By 1920 or so, the conversion to tungsten in the Christmas lighting industry was complete. The major exception was with lamps imported from Japan, many of which continued to utilize carbon filaments until 1927. This was most evident in their clear glass figural lamps, but smooth cone miniature base C-6 lamps from Japan can be found with carbon filaments as well. Pictured below are two examples of these late 1920s Japanese lamps:

1925 Japanese carbon figural 1927 Japanese carbon cone


Pictured here on the left is a typical 1920s ad by General Electric/Edison Mazda, and is from the December 12, 1925 edition of The Saturday Evening Post. The charming picture is by book illustrator Rundle. The ad promotes the use of electric lights for the Christmas tree and reads in part:

"Nothing adds so much to Christmas cheer and the decoration of your home as electric light. It is the least expensive of the season's joys. For the cost of an old fashioned Christmas tree candle, for the cost of a few tree ornaments, you can light up your whole house in a blaze of cheer. And keep the cheer of Christmastide in your home throughout the year. Use light freely, for electric light is the cheapest light the world has known. Just remember that the best and cheapest light lamps to burn are Mazda Lamps. Mazda-the mark of a research service."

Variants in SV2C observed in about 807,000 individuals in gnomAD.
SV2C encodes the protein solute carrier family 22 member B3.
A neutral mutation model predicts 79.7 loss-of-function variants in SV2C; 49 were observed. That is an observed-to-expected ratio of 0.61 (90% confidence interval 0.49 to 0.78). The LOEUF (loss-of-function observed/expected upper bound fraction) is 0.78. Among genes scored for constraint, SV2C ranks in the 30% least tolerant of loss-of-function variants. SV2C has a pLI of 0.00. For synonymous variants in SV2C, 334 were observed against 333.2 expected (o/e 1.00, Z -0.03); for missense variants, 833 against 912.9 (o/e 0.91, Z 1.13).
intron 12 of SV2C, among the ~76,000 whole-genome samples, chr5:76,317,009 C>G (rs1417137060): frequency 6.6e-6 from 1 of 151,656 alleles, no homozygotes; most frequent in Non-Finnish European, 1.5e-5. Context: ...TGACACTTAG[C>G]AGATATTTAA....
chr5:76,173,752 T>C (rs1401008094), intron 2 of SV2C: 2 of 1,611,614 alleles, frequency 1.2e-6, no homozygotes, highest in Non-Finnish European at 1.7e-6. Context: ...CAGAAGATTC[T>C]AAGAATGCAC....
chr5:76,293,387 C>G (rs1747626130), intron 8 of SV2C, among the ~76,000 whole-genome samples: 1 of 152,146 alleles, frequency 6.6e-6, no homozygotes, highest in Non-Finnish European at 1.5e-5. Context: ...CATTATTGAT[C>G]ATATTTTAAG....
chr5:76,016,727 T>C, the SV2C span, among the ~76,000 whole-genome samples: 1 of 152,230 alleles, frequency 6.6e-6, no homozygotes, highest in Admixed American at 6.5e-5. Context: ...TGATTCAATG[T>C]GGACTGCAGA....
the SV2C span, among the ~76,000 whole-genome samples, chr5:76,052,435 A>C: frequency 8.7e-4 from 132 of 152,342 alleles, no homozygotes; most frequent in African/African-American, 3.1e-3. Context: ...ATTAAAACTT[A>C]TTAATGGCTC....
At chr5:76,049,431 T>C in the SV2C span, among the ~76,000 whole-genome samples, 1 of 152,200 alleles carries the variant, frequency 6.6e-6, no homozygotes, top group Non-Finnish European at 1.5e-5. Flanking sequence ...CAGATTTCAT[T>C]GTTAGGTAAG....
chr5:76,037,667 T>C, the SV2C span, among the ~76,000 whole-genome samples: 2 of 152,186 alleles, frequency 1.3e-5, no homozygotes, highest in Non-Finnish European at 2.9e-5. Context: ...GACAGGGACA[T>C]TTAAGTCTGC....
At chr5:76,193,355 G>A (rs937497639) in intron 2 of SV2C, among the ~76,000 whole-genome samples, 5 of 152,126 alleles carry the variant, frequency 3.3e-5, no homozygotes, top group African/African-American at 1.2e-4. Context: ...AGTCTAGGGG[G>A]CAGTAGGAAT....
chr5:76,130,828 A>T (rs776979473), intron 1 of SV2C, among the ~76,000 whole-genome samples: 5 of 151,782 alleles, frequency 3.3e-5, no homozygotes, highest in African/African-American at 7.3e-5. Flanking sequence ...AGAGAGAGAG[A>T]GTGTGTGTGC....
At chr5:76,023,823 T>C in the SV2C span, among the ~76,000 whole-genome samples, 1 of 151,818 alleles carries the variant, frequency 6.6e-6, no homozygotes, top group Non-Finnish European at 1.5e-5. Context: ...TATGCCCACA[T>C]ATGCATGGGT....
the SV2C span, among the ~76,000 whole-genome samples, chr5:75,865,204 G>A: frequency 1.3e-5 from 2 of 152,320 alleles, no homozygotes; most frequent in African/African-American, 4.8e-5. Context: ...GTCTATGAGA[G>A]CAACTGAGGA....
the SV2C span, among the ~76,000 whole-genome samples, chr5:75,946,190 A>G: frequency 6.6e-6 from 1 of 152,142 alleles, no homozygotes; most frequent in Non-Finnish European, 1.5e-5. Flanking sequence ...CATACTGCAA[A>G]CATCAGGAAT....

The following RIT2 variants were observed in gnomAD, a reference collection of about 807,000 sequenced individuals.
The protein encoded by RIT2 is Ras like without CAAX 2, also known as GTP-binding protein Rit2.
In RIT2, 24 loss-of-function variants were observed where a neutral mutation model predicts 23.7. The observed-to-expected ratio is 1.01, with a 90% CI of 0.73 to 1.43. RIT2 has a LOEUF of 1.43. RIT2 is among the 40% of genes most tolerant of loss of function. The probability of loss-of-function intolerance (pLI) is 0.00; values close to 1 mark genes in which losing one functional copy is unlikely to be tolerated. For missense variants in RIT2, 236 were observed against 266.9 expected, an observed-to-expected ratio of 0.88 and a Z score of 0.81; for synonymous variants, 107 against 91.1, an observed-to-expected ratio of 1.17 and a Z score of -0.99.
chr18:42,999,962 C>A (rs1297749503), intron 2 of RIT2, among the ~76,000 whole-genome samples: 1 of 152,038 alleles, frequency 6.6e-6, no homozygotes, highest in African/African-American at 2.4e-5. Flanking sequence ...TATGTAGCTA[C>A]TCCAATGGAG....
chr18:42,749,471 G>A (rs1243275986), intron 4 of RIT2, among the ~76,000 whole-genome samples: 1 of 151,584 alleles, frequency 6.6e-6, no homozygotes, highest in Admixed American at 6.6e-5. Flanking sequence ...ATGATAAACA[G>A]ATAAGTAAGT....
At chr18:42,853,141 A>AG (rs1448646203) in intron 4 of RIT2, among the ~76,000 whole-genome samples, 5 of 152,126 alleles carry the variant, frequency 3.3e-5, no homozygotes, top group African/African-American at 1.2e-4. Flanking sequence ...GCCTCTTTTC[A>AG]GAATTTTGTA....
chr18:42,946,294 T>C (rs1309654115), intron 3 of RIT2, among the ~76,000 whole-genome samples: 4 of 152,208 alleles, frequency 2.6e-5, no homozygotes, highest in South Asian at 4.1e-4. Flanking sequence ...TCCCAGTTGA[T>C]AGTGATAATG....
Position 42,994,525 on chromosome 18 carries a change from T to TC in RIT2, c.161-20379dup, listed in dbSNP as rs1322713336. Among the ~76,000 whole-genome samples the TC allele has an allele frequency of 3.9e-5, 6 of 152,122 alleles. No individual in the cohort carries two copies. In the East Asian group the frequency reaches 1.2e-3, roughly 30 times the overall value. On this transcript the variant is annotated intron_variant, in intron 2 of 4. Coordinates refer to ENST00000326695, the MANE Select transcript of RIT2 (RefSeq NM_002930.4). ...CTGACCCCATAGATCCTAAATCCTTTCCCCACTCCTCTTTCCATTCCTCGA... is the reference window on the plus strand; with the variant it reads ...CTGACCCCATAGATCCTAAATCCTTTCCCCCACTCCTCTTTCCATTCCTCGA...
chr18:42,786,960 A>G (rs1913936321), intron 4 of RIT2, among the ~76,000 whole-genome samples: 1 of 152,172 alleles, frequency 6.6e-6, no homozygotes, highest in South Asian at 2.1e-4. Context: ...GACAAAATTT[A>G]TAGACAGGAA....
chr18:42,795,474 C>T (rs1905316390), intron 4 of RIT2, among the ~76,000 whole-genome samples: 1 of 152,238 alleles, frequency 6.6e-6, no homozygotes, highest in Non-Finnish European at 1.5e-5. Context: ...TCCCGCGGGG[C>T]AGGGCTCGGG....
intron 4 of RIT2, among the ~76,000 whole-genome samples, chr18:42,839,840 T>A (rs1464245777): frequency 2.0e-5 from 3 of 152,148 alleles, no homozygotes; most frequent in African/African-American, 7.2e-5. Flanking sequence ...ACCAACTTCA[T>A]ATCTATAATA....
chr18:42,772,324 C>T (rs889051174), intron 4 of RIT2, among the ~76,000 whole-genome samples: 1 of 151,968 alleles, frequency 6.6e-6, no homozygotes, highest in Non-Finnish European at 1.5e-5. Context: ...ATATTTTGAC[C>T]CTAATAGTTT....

"Edison Mazda Lamps are a General Electric Product."

As the decade of the 1930s began, Americans had fully accepted the MAZDA name as a symbol of quality for their Christmas light bulb needs, and many outfits proudly proclaimed the inclusion of MAZDA lamps in their sets. Only the economic factors continued to be a bit of a hindrance, as a typical MAZDA Christmas lamp sold for 5 cents, while the Japanese tungsten equivalent were two for a nickel. Competition from the Japanese became more fierce as the effects of the Great Depression settled in, and many lighting outfit advertisements from NOMA and General Electric urged they buying public to "Buy American". Comparison studies of American MAZDA versus Japanese tungsten lamps were commissioned by both General Electric and Westinghouse. Although the test criteria would probably not withstand close scrutiny by today's testing standards, results of the studies showed an average life of 46.8 hours for the Japanese tungsten lamps, compared to an average 207.4 hours for a MAZDA tungsten lamp, a dramatic difference. Nonetheless, the Japanese lamps gave good enough service to be huge sellers up until the beginning of World War II.